“If you miss your initial enrollment timeframe, you may be subject to higher premiums during the general enrollment period,” said Melinda Kibler, CFP and client service manager with Palisades Hudson Financial Group in Fort Lauderdale, Fla. “The initial enrollment period starts three months before your 65th birthday, includes the month you turn 65 and ends three months after.”
However, you might be able to dodge penalties under certain conditions.
“If your initial enrollment period falls during a time when you are covered by an employee health plan, you can delay signing up until you are within the eight-month window of your employment or coverage ending, and still avoid penalties,” Kibler said.
June: Think Short-Term
You’ve been thinking long-term about retirement for decades. Now that it’s imminent, it’s time to also think short-term so you have enough money to cover your expenses over the next few years.
“A good rule of thumb to keep in mind is that any money you will need in the next three to five years should not be invested in the market,” said Nancy D. Butler, author of “Above All Else, Success in Life and Business.” “You cannot afford the volatility on short-term money needs.”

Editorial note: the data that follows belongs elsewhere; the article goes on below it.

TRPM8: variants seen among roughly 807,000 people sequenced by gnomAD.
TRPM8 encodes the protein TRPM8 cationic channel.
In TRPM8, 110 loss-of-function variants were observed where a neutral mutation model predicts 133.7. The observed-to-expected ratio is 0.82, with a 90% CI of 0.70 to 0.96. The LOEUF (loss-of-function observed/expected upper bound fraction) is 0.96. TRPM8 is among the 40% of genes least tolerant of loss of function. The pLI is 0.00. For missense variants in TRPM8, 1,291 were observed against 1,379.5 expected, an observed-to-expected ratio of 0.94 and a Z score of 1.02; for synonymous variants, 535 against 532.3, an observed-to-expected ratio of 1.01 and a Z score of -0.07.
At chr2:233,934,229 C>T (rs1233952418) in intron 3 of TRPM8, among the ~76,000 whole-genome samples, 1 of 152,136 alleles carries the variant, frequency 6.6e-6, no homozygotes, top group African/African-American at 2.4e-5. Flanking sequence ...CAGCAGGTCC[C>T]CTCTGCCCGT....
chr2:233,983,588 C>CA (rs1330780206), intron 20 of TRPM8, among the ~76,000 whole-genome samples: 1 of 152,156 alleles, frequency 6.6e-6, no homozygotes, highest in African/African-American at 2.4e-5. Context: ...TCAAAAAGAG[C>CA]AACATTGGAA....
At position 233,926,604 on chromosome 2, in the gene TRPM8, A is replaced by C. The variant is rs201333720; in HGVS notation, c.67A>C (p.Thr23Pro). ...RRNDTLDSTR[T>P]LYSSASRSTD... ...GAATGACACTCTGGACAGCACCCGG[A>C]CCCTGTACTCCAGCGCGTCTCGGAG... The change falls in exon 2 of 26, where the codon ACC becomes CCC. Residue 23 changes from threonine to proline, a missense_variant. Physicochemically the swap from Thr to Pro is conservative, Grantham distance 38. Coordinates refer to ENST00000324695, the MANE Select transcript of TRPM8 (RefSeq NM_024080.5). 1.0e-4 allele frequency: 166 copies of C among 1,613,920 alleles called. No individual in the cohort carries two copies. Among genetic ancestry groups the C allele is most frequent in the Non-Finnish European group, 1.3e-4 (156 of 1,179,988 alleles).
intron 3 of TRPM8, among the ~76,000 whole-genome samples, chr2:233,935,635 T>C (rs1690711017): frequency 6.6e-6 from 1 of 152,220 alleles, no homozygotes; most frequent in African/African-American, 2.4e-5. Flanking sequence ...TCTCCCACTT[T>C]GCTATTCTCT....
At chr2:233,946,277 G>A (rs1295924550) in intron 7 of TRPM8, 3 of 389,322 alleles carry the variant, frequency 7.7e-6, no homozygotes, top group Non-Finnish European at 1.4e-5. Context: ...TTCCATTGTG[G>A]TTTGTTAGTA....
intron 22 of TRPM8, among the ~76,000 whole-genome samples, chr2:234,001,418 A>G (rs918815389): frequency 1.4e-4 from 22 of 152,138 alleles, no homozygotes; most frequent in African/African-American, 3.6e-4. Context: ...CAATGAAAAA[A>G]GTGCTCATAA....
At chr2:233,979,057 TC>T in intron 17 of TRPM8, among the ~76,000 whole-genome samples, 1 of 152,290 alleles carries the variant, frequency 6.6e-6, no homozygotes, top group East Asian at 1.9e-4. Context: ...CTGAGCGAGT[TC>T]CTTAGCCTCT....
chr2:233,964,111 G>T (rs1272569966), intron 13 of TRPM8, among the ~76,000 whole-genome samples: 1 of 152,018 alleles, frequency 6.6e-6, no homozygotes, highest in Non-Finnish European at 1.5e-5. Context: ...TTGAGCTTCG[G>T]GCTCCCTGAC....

Butler recommends storing your cash reserve in a secure account such as a savings account or a short-term certificate of deposit.
Keep reading: Why CDs Make More Sense Close to Retirement
July: Practice Being Retired
Retirement will involve major changes to your finances. So before you wave goodbye to your desk and your paycheck, it’s a good idea to practice being retired to ensure you’re financially prepared for this new chapter of your life.
“Pretend like you’re living on that fixed income today so that when the last paycheck arrives, you’ve already made the transition,” said Justin Rush, financial advisor at Storey & Associates, a fee-only financial planning firm in North Canton, Ohio. “Ideally, you’d start this about six months before retirement.”
August: Finalize Your Retirement Budget
You won’t want to make a financial change of this magnitude without a plan. Be sure you have a budget in place.